Millennials’ perceived value in buying a home dropped below 50 percent, down significantly from post-Brexit high, according to the latest ValueInsured quarterly Modern Homebuyer Survey:
- In the third quarter of 2018, 48 percent of all millennials believe buying a home in America today is a good investment; this is a record low, down from 54 percent in the second quarter. The previous high was 77 percent two years ago.
- Fifty-eight percent of millennials now agree buying a home is the best financial decision they can make for themselves and their family, another survey low in ten quarters.
- Just over six in 10 Millennials (61 percent) now believe buying a home is more beneficial than renting, again a survey low, down from a high of 83 percent two years ago.
- While 76 percent of all homeowners believe now is a good time to sell a home, only 39 percent of millennials who want to become homeowners believe now is a good time to buy a home.
- The ValueInsured Housing Confidence Index for millennials registered a score of 56.9 on a hundred-point scale in Q3 2018. It is the lowest level recorded, down 1.7 points from Q2, and down 10.1 points from a year prior.
In addition to reporting a steady slide in their conviction for home buying, more millennials now associate owning with sacrifices:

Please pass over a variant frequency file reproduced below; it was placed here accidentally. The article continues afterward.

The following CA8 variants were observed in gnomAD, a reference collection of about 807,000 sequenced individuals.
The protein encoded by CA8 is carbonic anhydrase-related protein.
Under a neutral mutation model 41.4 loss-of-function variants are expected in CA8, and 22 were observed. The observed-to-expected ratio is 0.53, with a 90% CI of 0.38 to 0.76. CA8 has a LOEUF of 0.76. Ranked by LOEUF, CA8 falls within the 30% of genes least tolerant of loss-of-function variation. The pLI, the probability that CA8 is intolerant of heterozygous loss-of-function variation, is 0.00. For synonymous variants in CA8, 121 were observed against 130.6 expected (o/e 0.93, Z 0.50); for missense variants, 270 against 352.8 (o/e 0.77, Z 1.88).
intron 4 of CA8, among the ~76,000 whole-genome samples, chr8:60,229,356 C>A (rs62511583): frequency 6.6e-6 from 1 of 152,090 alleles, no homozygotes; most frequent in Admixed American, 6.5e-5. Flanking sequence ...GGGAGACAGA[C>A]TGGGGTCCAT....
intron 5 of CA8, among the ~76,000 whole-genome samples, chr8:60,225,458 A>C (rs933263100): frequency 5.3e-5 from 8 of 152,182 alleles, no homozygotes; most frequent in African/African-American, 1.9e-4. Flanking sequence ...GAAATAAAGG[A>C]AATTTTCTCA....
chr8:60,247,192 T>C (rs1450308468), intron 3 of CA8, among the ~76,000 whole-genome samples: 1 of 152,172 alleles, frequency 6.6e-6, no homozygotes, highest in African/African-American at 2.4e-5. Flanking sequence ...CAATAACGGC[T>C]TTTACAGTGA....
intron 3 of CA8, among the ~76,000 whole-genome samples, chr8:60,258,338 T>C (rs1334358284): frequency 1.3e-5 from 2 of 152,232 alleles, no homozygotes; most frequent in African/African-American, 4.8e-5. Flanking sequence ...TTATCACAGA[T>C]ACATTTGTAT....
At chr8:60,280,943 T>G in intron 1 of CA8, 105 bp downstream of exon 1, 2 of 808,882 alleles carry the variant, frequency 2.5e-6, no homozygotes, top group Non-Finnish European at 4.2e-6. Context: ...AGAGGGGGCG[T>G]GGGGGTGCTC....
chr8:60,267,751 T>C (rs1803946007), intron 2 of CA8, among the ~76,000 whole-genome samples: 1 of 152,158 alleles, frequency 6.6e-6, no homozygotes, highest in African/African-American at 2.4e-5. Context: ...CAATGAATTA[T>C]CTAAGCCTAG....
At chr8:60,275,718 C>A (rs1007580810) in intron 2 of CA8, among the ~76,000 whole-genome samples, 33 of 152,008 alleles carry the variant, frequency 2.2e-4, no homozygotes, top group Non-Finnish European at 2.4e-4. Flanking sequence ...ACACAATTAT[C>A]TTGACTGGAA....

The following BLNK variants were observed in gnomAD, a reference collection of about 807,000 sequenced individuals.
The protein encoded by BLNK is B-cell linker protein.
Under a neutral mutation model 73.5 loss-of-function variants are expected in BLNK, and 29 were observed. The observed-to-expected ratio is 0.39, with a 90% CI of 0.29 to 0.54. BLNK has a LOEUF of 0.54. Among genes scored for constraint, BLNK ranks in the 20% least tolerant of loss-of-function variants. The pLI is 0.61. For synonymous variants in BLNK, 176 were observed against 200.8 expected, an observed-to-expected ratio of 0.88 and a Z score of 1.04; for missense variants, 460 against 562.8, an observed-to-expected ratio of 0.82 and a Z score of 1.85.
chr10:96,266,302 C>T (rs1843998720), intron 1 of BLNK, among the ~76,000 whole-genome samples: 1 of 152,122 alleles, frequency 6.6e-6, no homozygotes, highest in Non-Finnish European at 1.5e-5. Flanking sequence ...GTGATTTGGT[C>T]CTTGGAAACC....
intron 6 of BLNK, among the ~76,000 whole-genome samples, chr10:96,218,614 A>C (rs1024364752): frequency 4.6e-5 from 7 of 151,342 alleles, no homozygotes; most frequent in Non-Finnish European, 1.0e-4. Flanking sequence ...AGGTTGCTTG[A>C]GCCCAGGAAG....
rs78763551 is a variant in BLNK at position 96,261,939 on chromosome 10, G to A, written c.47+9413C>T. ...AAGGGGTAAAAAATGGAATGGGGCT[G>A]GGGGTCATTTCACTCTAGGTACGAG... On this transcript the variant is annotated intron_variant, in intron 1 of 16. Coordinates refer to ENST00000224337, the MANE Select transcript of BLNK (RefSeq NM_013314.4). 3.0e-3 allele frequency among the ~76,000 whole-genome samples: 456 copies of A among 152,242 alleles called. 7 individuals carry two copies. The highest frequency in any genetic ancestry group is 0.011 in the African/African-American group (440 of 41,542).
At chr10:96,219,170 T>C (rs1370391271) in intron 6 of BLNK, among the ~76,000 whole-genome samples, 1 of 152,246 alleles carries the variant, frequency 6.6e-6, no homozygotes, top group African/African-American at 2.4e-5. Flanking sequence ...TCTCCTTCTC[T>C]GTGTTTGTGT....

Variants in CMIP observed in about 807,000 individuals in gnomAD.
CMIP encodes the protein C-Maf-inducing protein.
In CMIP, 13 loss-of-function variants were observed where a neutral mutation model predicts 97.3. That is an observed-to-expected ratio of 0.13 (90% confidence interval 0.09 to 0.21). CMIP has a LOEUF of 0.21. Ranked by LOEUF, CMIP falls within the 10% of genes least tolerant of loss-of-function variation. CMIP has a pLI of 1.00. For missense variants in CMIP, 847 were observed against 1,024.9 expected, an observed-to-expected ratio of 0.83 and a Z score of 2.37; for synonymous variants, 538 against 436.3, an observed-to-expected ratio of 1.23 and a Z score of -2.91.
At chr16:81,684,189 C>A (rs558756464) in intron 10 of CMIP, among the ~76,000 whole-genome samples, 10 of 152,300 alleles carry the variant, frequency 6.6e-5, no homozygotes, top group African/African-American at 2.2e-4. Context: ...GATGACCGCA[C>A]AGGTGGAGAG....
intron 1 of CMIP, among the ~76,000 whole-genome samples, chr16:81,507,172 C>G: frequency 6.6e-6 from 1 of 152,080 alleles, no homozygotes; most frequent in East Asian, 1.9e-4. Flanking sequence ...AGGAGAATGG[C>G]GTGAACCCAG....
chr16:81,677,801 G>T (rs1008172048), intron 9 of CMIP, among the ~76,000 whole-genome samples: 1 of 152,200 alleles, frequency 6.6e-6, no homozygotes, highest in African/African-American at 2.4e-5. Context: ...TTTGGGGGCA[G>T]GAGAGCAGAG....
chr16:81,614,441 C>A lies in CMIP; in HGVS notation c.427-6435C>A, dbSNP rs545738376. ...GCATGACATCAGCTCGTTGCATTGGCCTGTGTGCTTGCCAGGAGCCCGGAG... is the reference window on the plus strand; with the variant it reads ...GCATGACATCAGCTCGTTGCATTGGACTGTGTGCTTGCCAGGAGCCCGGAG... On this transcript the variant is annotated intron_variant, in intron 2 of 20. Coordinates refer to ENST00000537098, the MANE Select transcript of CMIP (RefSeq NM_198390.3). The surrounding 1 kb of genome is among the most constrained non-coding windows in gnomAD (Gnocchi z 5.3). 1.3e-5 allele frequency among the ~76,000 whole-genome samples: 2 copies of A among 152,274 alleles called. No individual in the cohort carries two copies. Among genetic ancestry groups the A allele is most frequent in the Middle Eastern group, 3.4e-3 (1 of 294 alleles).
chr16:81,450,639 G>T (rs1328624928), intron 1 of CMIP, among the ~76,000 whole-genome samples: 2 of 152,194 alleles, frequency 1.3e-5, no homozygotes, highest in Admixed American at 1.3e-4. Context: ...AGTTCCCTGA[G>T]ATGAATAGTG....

- Nearly one in four (23 percent) believe they need to delay having children in order to afford buying a home
- Thirty-two percent do not believe they can afford a healthy and balanced diet while saving for a home at today’s high prices
- Thirty-one percent seriously consider relocating to another city to afford buying
“Conventional wisdom assumed millennials were buying homes later because they chose to get married and have children later,” says Joe Melendez, CEO and founder of ValueInsured. “New research now suggests homeownership may be the cause, not the effect, of delayed family formation. It is an alarming trend, and we see more acute evidence in expensive housing regions.”
Overextended, anxious buyers
Among millennials who are still interested and motived to become homeowners “in the near future,” their anticipation is often filled with anxiety. Among motivated first-time buyers, 49 percent are concerned rising mortgage rates could make homes currently within their budget become unaffordable later; 67 percent are concerned they will not save enough for a home they would actually like to live in; and 52 percent believe a home they buy now will likely drop in value within one year. Sixty-eight percent are concerned about another housing crisis; and 64 percent admit they will likely experience buyer’s remorse after reaching their homeownership goal.
Their trepidation could be explained by the high stakes these millennials plan to undertake. Eighty-five percent in the survey expect their home down payment to represent over half of their total personal assets.
“Most homebuyers experience a healthy amount of jitters before such a milestone purchase – that’s normal,” Melendez said. “But the new normal is highly anxious, inexperienced buyers bungee jumping in without knowing if their safety harnesses will work. That is an unhealthy, bordering on dysfunctional, trend that our industry needs to mitigate to ensure we do not lose an entire generation of future homeowners.”